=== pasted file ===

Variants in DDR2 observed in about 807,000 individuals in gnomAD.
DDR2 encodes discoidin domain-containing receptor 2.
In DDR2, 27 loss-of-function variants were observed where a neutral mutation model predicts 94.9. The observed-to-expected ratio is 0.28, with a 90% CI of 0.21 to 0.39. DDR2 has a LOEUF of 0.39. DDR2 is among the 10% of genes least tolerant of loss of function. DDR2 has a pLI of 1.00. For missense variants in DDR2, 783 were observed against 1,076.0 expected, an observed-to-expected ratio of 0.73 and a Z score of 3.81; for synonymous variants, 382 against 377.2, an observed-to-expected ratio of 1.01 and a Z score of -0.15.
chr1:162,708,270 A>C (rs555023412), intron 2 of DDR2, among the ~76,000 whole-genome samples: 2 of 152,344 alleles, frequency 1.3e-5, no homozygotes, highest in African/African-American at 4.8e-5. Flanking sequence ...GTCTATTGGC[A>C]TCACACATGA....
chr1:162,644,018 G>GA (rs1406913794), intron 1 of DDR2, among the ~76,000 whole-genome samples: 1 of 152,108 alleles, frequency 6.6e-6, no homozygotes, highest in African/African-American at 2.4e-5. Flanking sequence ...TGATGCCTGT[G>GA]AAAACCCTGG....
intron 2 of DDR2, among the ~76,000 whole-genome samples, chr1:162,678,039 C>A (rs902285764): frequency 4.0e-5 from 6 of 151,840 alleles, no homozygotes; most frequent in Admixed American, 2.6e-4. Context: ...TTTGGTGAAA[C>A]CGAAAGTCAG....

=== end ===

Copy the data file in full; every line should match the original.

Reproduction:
Variants in DDR2 observed in about 807,000 individuals in gnomAD.
DDR2 encodes discoidin domain-containing receptor 2.
In DDR2, 27 loss-of-function variants were observed where a neutral mutation model predicts 94.9. The observed-to-expected ratio is 0.28, with a 90% CI of 0.21 to 0.39. DDR2 has a LOEUF of 0.39. DDR2 is among the 10% of genes least tolerant of loss of function. DDR2 has a pLI of 1.00. For missense variants in DDR2, 783 were observed against 1,076.0 expected, an observed-to-expected ratio of 0.73 and a Z score of 3.81; for synonymous variants, 382 against 377.2, an observed-to-expected ratio of 1.01 and a Z score of -0.15.
chr1:162,708,270 A>C (rs555023412), intron 2 of DDR2, among the ~76,000 whole-genome samples: 2 of 152,344 alleles, frequency 1.3e-5, no homozygotes, highest in African/African-American at 4.8e-5. Flanking sequence ...GTCTATTGGC[A>C]TCACACATGA....
chr1:162,644,018 G>GA (rs1406913794), intron 1 of DDR2, among the ~76,000 whole-genome samples: 1 of 152,108 alleles, frequency 6.6e-6, no homozygotes, highest in African/African-American at 2.4e-5. Flanking sequence ...TGATGCCTGT[G>GA]AAAACCCTGG....
intron 2 of DDR2, among the ~76,000 whole-genome samples, chr1:162,678,039 C>A (rs902285764): frequency 4.0e-5 from 6 of 151,840 alleles, no homozygotes; most frequent in Admixed American, 2.6e-4. Context: ...TTTGGTGAAA[C>A]CGAAAGTCAG....